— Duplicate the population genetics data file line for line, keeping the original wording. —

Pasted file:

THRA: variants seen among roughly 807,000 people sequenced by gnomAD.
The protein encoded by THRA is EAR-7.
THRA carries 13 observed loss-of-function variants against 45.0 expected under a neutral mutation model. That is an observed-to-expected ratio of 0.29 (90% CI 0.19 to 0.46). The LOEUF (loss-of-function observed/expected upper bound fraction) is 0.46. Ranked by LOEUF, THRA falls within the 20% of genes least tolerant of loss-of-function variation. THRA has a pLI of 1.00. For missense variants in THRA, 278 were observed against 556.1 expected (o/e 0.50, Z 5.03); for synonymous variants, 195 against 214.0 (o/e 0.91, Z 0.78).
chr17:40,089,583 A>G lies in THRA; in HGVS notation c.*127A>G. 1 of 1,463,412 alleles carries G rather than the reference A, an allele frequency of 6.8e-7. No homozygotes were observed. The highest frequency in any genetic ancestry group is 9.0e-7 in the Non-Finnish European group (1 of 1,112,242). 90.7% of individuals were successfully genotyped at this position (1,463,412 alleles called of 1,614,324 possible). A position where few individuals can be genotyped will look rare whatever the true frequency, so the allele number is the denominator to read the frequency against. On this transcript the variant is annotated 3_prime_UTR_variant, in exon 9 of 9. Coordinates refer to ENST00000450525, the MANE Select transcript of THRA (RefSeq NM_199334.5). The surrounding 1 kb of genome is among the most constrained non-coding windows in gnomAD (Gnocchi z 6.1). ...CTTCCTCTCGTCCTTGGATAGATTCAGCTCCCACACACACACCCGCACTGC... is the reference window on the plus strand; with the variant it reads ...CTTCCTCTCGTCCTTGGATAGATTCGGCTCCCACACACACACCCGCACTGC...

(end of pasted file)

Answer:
THRA: variants seen among roughly 807,000 people sequenced by gnomAD.
The protein encoded by THRA is EAR-7.
THRA carries 13 observed loss-of-function variants against 45.0 expected under a neutral mutation model. That is an observed-to-expected ratio of 0.29 (90% CI 0.19 to 0.46). The LOEUF (loss-of-function observed/expected upper bound fraction) is 0.46. Ranked by LOEUF, THRA falls within the 20% of genes least tolerant of loss-of-function variation. THRA has a pLI of 1.00. For missense variants in THRA, 278 were observed against 556.1 expected (o/e 0.50, Z 5.03); for synonymous variants, 195 against 214.0 (o/e 0.91, Z 0.78).
chr17:40,089,583 A>G lies in THRA; in HGVS notation c.*127A>G. 1 of 1,463,412 alleles carries G rather than the reference A, an allele frequency of 6.8e-7. No homozygotes were observed. The highest frequency in any genetic ancestry group is 9.0e-7 in the Non-Finnish European group (1 of 1,112,242). 90.7% of individuals were successfully genotyped at this position (1,463,412 alleles called of 1,614,324 possible). A position where few individuals can be genotyped will look rare whatever the true frequency, so the allele number is the denominator to read the frequency against. On this transcript the variant is annotated 3_prime_UTR_variant, in exon 9 of 9. Coordinates refer to ENST00000450525, the MANE Select transcript of THRA (RefSeq NM_199334.5). The surrounding 1 kb of genome is among the most constrained non-coding windows in gnomAD (Gnocchi z 6.1). ...CTTCCTCTCGTCCTTGGATAGATTCAGCTCCCACACACACACCCGCACTGC... is the reference window on the plus strand; with the variant it reads ...CTTCCTCTCGTCCTTGGATAGATTCGGCTCCCACACACACACCCGCACTGC...